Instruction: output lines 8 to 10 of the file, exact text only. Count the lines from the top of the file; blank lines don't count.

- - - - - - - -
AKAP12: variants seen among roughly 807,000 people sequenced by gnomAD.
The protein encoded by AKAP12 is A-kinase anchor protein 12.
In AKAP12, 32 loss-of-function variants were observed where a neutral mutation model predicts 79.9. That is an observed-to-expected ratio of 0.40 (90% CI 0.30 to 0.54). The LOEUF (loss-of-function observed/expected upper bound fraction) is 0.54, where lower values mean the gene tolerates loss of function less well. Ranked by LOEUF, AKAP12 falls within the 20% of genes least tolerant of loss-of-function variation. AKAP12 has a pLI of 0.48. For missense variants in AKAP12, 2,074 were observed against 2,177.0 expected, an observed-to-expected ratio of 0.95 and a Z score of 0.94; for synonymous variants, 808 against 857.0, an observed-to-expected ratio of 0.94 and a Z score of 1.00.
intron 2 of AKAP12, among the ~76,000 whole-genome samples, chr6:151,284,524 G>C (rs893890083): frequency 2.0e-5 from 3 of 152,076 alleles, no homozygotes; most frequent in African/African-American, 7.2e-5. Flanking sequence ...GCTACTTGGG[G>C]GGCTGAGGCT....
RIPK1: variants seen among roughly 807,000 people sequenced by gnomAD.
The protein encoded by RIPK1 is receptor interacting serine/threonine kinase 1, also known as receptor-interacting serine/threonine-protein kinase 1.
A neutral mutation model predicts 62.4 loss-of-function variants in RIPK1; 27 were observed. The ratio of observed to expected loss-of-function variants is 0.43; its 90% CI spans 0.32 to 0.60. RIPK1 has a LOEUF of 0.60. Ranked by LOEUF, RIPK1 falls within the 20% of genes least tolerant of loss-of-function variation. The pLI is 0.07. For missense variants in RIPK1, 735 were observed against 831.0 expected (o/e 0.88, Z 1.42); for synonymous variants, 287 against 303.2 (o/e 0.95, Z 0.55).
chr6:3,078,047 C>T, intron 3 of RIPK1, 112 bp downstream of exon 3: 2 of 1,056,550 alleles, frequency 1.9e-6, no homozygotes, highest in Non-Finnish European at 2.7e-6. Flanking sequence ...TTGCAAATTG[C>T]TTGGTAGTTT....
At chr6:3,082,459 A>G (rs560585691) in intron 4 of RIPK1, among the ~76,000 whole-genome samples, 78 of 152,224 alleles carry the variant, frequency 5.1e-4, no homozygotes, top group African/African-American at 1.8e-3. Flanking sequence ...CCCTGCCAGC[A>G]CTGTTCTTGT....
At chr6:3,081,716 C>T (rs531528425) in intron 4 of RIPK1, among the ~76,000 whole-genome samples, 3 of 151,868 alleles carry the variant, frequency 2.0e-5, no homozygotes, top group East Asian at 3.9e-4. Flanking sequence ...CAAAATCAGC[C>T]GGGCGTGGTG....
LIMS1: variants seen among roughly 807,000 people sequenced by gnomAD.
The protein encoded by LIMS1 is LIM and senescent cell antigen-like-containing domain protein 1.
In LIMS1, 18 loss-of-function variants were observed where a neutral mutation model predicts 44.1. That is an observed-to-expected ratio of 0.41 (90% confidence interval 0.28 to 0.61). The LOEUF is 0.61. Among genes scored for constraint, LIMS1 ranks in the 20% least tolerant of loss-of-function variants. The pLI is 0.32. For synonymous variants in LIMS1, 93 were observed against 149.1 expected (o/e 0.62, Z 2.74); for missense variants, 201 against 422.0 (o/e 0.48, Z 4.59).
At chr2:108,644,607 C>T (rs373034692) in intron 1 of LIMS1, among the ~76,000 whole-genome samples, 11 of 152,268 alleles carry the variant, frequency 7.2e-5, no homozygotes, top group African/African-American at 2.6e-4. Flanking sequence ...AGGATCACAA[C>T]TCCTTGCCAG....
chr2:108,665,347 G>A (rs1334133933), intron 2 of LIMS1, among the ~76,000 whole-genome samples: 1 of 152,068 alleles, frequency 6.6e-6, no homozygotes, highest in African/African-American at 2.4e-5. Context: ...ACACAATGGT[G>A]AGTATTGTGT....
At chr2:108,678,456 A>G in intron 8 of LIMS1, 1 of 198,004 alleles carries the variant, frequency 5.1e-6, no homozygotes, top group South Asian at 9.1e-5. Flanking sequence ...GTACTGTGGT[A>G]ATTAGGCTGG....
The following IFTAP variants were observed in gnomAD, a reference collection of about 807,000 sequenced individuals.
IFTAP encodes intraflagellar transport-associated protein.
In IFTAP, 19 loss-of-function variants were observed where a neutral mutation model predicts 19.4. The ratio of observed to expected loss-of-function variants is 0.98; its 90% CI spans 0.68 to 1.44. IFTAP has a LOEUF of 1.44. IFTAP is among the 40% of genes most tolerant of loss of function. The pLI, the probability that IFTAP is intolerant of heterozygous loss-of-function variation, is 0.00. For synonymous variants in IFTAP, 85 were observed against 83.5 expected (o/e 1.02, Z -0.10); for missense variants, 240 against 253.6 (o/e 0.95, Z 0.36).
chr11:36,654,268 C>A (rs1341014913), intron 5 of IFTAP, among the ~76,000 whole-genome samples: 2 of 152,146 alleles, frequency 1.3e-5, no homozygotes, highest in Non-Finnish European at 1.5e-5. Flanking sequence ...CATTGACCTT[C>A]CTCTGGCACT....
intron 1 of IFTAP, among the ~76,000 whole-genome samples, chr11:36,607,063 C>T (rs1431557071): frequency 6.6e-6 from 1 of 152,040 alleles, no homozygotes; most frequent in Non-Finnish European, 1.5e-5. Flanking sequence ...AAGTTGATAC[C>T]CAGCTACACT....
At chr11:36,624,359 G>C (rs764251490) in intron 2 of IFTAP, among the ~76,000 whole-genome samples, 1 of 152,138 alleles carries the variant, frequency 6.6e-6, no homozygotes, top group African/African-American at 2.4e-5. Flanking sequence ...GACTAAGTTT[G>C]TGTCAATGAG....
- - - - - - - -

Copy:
chr6:3,078,047 C>T, intron 3 of RIPK1, 112 bp downstream of exon 3: 2 of 1,056,550 alleles, frequency 1.9e-6, no homozygotes, highest in Non-Finnish European at 2.7e-6. Flanking sequence ...TTGCAAATTG[C>T]TTGGTAGTTT....
At chr6:3,082,459 A>G (rs560585691) in intron 4 of RIPK1, among the ~76,000 whole-genome samples, 78 of 152,224 alleles carry the variant, frequency 5.1e-4, no homozygotes, top group African/African-American at 1.8e-3. Flanking sequence ...CCCTGCCAGC[A>G]CTGTTCTTGT....
At chr6:3,081,716 C>T (rs531528425) in intron 4 of RIPK1, among the ~76,000 whole-genome samples, 3 of 151,868 alleles carry the variant, frequency 2.0e-5, no homozygotes, top group East Asian at 3.9e-4. Flanking sequence ...CAAAATCAGC[C>T]GGGCGTGGTG....